The Mini offers automatic DSP (Digital Signal Processing), which can't be turned off or adjusted. In fact, nothing on this unit can be tweaked beyond the volume levels. Thanks to "Flowport" technology, lower frequencies sounded super. Some of the higher ones were a little distorted, but the listening experience was still enjoyable. Even the bass was even surprisingly good. Overall, there were a lot of surprises -- in a good way. We heard effects on Grandmaster Flash's "White Lines" that we had completely forgotten about. We tested out everything from punk rock to country and were pretty pleased with the unit's performance, especially when compared with what we are used to on the iPod itself using headphones.

After going once around the dial, as well as through much of our iPod playlist, we found that the unit performed best when the volume level was set around the middle. It provided nice detail and crisp clear vocals. However, the louder the unit got, the scarier the sound was. This thing can get loud. However, louder isn't always better. In fact, it hurt a little.

We plugged a cassette player (Yes, we still have one of those!) in through the AUX jack and it did play -- over whatever was already cranking out of our iPod. This input is a "mix" input - in that it mixes in whatever is connected to the aux in with iPod playback.  If you decide to use the AUX jack and want to hear that on its own, you will have to unhook or pause your iPod. There's no button for that.

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The design on the back is just as simple, with slots for power, as well as auxiliary and USB hookups.


Playing with the PC

This iPod dock doesn't limit itself; instead, it can actually make for nice computer speakers. Using the USB port on the back, the Mini hooks to any PC or Mac for playback of any and all music on your computer.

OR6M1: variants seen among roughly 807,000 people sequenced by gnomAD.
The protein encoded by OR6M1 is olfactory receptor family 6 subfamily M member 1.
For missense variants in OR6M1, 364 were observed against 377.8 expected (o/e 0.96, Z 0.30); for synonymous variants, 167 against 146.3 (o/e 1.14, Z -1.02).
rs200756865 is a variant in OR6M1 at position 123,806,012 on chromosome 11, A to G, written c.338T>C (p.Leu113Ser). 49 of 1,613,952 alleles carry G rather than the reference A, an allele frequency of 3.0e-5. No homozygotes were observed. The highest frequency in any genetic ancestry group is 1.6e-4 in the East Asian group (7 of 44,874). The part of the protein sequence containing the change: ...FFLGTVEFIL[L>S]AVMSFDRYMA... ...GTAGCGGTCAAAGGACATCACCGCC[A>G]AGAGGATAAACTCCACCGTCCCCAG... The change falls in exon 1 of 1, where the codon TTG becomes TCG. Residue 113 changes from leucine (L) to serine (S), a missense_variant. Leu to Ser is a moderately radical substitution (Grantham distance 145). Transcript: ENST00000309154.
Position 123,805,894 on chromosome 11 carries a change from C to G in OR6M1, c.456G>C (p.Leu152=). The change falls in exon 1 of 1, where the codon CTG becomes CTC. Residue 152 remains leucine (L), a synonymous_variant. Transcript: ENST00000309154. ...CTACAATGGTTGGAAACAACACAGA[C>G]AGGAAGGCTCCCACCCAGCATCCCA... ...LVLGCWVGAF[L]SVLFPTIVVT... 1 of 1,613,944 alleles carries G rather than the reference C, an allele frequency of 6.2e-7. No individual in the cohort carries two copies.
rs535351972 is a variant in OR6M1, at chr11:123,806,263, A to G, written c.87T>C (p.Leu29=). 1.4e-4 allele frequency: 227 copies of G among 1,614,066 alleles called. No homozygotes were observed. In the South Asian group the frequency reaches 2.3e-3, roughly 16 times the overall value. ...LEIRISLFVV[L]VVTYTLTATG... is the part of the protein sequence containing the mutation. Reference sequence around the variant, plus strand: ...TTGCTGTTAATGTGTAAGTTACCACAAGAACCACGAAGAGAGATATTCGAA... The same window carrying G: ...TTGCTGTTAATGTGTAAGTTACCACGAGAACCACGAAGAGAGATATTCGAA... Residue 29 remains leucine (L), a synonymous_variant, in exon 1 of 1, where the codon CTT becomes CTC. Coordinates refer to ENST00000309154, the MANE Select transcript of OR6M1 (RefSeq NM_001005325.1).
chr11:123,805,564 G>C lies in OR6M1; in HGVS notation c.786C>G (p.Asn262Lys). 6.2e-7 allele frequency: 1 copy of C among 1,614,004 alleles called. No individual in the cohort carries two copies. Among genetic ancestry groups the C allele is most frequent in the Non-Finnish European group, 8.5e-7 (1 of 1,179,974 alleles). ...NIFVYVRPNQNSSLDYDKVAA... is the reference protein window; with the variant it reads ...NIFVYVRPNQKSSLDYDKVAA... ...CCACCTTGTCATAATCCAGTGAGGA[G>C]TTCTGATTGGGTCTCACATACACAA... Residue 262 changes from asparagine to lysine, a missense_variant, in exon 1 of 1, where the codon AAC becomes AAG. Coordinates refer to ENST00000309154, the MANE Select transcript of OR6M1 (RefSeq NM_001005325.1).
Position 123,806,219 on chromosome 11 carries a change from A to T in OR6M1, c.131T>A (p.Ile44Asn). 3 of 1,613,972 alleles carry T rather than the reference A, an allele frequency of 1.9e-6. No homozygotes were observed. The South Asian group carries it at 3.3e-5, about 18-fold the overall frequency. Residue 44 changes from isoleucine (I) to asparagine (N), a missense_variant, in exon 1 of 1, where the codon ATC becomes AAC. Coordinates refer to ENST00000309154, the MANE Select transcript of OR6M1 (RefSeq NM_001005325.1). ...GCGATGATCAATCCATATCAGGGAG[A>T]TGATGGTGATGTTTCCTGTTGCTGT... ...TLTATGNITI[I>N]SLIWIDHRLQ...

It's a neat option, but not an easy one. It took us a while to make beautiful music, and what was going on in between, again... scared the dog. This feature should be plug and play, so to have it take hours to figure out was a bit disheartening. If you decide to add this feature into your Mini's repertoire, here's a tip: Remove your iPod before trying to play anything from the computer.

We hooked our respective USBs up, and it was easy to add songs to our iPod. However, we just couldn't master music playback from the computer. The iPod itself played fine and even the Mini made noises we were used to hearing from our computer. We could play music from Windows Media Player. It just wouldn't do iTunes.

We removed the iPod, restarted iTunes, and thankfully, the music finally played -- and it sounded nice too. All it took was some thinking, time and a few fistfuls of hair.

Swing Baby, Swing!

Aside from killer sound, the Mini has another nifty hook: the rotating arm dock which allows you to rotate your iPod Touch, nano or iPhone to horizontal viewing. If you own one of those devices, it's a nice little perk to park this bedside and view widescreen video at the proper angle. 

Turn Ons

  • Oh-so-pretty
  • Nice audio experience overall
  • Remote reaches pretty far
  • USB connection makes computer upgrades easy
  • Rotating dock for proper video playback
  • Ability to play and control iTunes

Turn Offs

  • Limited remote control
  • Mystery button on the remote
  • Chassis & controller are cruisin' for a bruisin'
  • Doesn't always sync right away
  • Sound can break up at higher volumes

Final Thoughts

Even though it doesn't stand out as well as its predecessor, the Zeppelin Mini is mighty nice. At $400, it's still slightly expensive for an iPod dock. However, B&W don't come cheap, and it shows in this unit's performance at reasonable volume levels. That said, the unit does have a few sound and control glitches. B&W could do better -- or at least cheaper. Still, if you can't go bigger in price and size and splurge on the Zeppelin, this is still one of the better iPod docks out there. 

Where to Buy:

Manufacturer's Specifications:

  • Dimensions: 6.8 x 12.6 x 4 inches
  • Color: Black/Silver
  • Net Weight: 5.8 pounds
  • Warranty: 2 Years, Limited Parts and Labor
  • MSRP: $399.95

Inputs/Outputs

  • 30-pin iPod connector
  • 3.5mm mini-jack (Aux In)
  • USB 2.0 (for PC connection)

What's in the Box?

  • Zeppelin Mini Loudspeaker System
  • Remote Control
  • Cradle for horizontal docking
  • AC power cord
  • Manual

Manufacturer Contact Information:

B&W Group North America
54 Concord Street
North Reading, MA 01864

978-664 2870
Web: www.bowers-wilkins.com

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View all articles by Rachel Cericola